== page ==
Durango Hotels | Vacation Rentals | Things To Do | Mesa Verde | Events | Blog | Coupons | Rafting

Mesa Verde Cliff Dwellings

During your visit to Mesa Verde National Park, you’ll discover the mysterious cliff dwellings built by the Ancestral Pueblo beginning in the late 1190s. These famous dwellings and ruins in the Four Corners region preserve 700 years worth of Ancestral Puebloan culture before they migrated away for unknown reasons.

Getting There

You’ll have to drive approximately 45 minutes along a narrow, winding road to reach the Mesa Verde cliff dwellings from the park’s entrance. Make sure to book a nearby hotel to make traveling to and from the park as convenient and stress-free as possible.

Mesa Verde Hotels

Mesa Verde tours allow you to explore the preserved cliff dwellings at a 7,000-foot elevation from May through October. Here are some of the top cliff dwellings you can explore at the national park.

Go Inside the Cliff Dwellings

See the famous Mesa Verde cliff dwellings up close and personal through ranger-guided tours or on your own. You can go inside the cliff dwellings and observe traces left behind by the Ancestral Puebloans including handprints, painted murals, and structures that have remained preserved over the past 1400 years. Tours range in duration and difficulty, so be sure to choose one that best suits your group of travelers.

Mesa Verde Tours

Balcony House

The Mesa Verde Balcony House is one of the park’s most adventurous cliff dwelling tours and can only be accessed through a ranger-guided tour. To enter this mid-sized dwelling, you must climb a 32-foot entrance ladder and crawl through narrow tunnels and passageways. The Balcony House is made up of 38 rooms and two kivas, which were dedicated to ceremonious rituals. You’ll also discover a natural seep spring that was used by Ancestral Pueblos as a water source.

Cliff Palace

The Mesa Verde Cliff Palace is the largest cliff dwelling at Mesa Verde. It has over 150 individual rooms and more than 20 kivas. The dwelling is crafted of sandstone, wooden beams, and mortar and has been remarkably well preserved. In addition to housing people, it’s believed the Cliff Palace was a social and administrative site often used for ceremonies. Cliff Palace tours are included in several of the popular Mesa Verde tours including the Classic Pueblo Tour and 700 Years Tour. It can also be viewed from the Sun Temple overlook.

Long House

Mesa Verde Long House is located on Wetherill Mesa in the western portion of Mesa Verde National Park and is the second largest dwelling. The Mesa Verde Long House was excavated between 1959 and 1961 and opened to visitors as part of the Wetherill Mesa Archeological Project. The many rooms, kivas, and presence of a central plaza in Long House suggest it was a significant community space. To access Long House, you must book a ranger-guided tour and traverse a 12-mile winding road. Long House and Wetherill Mesa are only open between Memorial Day weekend and Labor Day.

Spruce Tree House

Spruce Tree House is the third largest cliff dwelling behind Cliff Palace and Long House and was constructed sometime between 1211 and 1278. The dwelling has around 130 rooms and 8 kivas and was estimated to be the home to around 60 to 80 people. Spruce Tree House has been closed to the public since 2015 due to rock fall, but Mesa Verde National Park has a stabilization effort in place to eventually reopen the dwelling. In the meantime, Spruce Tree House can be seen from overlooks near the Park Headquarters.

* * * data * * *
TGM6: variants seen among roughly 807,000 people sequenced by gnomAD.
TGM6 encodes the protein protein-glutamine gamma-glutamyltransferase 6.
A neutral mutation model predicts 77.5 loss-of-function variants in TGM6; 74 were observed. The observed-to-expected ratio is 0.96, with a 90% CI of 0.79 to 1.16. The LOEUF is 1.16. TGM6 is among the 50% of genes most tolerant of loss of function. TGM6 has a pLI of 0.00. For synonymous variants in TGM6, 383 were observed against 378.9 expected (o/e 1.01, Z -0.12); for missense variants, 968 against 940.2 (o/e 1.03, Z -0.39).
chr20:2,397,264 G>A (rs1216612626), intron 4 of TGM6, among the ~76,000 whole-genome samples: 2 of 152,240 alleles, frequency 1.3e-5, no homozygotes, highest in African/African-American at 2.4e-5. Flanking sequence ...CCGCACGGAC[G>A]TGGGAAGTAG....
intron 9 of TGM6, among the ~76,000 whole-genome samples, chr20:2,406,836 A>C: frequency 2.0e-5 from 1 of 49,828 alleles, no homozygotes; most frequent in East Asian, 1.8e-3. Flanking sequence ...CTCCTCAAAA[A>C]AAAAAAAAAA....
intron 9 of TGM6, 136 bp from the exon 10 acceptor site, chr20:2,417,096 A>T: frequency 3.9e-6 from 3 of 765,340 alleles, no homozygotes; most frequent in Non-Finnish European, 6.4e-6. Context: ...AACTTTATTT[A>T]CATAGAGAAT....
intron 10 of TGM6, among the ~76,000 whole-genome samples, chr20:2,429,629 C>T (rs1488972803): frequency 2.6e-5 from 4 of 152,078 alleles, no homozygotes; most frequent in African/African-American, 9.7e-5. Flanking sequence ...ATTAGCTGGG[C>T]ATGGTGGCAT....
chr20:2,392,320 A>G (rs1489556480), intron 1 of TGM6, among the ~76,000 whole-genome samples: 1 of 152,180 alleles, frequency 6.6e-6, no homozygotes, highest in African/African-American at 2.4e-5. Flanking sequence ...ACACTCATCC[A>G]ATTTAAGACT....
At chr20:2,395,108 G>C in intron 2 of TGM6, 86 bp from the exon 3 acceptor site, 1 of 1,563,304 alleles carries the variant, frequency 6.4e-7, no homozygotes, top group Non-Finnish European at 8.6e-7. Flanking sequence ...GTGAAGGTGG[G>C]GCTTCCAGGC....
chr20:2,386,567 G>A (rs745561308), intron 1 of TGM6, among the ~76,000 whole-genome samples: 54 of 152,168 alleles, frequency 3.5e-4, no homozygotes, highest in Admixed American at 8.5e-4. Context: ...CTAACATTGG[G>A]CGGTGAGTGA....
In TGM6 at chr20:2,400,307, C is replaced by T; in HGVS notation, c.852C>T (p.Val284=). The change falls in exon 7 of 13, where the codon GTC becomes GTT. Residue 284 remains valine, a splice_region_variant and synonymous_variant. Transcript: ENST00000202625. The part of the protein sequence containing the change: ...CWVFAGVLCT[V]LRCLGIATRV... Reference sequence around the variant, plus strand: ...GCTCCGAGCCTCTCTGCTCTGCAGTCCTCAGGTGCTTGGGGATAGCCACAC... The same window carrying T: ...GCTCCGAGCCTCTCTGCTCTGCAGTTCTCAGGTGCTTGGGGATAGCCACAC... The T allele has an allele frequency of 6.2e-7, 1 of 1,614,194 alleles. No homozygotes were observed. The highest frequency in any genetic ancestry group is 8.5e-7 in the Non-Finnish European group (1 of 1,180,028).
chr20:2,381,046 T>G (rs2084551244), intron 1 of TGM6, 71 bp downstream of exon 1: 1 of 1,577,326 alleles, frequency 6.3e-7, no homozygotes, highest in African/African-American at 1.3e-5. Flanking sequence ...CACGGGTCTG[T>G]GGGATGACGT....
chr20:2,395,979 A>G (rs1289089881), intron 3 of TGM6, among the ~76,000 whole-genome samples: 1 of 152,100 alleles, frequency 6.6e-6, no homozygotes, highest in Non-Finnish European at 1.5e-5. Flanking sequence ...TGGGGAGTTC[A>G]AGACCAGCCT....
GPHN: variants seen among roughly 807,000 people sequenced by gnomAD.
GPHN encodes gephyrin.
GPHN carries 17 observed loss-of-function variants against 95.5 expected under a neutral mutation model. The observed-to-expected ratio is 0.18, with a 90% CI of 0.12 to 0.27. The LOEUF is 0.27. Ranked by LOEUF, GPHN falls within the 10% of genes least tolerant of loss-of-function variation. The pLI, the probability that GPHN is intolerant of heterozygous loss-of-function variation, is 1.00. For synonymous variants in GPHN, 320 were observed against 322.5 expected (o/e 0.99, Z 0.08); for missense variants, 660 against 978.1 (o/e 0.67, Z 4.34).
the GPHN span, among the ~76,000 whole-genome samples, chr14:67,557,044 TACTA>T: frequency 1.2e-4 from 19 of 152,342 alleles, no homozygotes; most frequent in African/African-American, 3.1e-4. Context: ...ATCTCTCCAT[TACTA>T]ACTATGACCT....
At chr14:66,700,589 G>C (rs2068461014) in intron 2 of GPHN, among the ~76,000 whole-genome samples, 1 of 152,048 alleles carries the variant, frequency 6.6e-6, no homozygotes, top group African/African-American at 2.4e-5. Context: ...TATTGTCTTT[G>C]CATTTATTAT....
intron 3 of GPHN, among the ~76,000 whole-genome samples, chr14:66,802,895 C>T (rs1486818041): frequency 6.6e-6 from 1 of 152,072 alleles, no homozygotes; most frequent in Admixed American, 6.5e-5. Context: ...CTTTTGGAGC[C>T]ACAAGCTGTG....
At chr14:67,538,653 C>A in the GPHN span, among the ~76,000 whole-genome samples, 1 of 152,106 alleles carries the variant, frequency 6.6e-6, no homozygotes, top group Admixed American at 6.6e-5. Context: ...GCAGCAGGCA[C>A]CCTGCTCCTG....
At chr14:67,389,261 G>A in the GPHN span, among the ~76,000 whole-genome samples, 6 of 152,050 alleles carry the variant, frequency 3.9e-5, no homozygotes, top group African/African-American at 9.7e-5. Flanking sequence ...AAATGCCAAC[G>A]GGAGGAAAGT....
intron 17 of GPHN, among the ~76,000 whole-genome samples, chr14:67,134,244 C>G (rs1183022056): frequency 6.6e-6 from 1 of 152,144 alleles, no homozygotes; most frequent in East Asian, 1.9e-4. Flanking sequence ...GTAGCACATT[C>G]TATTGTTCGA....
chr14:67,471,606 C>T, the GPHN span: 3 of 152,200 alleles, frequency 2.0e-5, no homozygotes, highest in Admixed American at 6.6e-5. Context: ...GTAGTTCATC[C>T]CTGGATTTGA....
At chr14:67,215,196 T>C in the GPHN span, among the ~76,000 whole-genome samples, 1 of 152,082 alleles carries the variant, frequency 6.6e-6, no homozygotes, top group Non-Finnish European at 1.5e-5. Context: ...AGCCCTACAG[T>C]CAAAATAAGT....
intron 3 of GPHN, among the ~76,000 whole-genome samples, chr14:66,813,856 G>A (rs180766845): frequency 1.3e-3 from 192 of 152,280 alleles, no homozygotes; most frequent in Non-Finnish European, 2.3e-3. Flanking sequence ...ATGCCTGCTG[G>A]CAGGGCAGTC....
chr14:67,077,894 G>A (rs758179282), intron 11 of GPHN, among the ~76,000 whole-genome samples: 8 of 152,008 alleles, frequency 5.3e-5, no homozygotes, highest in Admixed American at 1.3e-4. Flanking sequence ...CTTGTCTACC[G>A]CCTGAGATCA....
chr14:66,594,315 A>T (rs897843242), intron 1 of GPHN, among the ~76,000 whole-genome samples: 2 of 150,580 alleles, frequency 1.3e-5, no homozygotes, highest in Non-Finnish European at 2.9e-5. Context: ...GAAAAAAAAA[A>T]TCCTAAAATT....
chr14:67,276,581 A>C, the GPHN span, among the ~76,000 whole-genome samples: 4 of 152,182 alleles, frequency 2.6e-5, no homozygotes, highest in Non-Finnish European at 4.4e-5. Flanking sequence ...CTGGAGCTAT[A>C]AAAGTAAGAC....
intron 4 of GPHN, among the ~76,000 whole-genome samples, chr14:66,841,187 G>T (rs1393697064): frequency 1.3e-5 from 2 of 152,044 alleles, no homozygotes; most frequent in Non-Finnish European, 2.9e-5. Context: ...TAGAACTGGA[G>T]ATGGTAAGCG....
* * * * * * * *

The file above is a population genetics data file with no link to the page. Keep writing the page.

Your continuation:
Step House

Step House is also located on Wetherill Mesa along with Long House. The Mesa Verde Step House is very unique because it is clear there were two separate occupations in the same site. A modified basket maker site, dating to 626, is situated between the old stone steps on the south and the large boulders on the north. The rest of the alcove contains a masonry pueblo dating to the Classic Pueblo times of 1226. Step House is a self-guided cliff dwelling that can be visited without purchasing a ticket.

Square Tower House

Located in Mesa Verde’s backcountry, the Square Tower House is one of the park’s lesser-seen but incredibly impressive cliff dwellings. It features the tallest standing structure in Mesa Verde National Park, an intact kiva roof, original plaster and paint, and rock art. While you can get a great view of the Square Tower House from the Mesa Top Loop overlook, a special ranger-guided tour offers a more intimate view. Square Tower House tours are held once daily and feature steep drop-offs, narrow ledges, and uneven trails that may be best suited for experienced hikers.

Ancestral Puebloans

The Ancestral Puebloans moved onto the mesa around A.D. 500, but the cliff dwellings we see today were actually built around A.D. 1200. Though the Ancestral Puebloans lived along the cliffs for that 700 year period, the cliff dwellings were constructed at the end of this time frame and then only lived in for about 75-100 years. No exact reason is known for the Ancestral Puebloans moving away from these massive structures.

Ancestral Puebloans

Interesting Facts

  • Cliff Palace is the largest cliff dwelling in North America.
  • The average lifespan of cliff dwellers was 32-34 years.
  • Men's heights were ~ 5’4 to 5’5; women's 5’ to 5’1.
  • About 50% of children died before age 5.
  • Three primary construction materials make up the cliff dwellings: sandstone, mortar, wooden beams.
  • Ancestral Puebloan farmers used terracing.
  • The unfinished Sun Temple’s walls were 11-14 feet high!
  • Descendants of the Ancestral Puebloans include the Hopi, located in Arizona, and 19 Rio Grande pueblos of New Mexico.

Subscribe To The Durango Explorer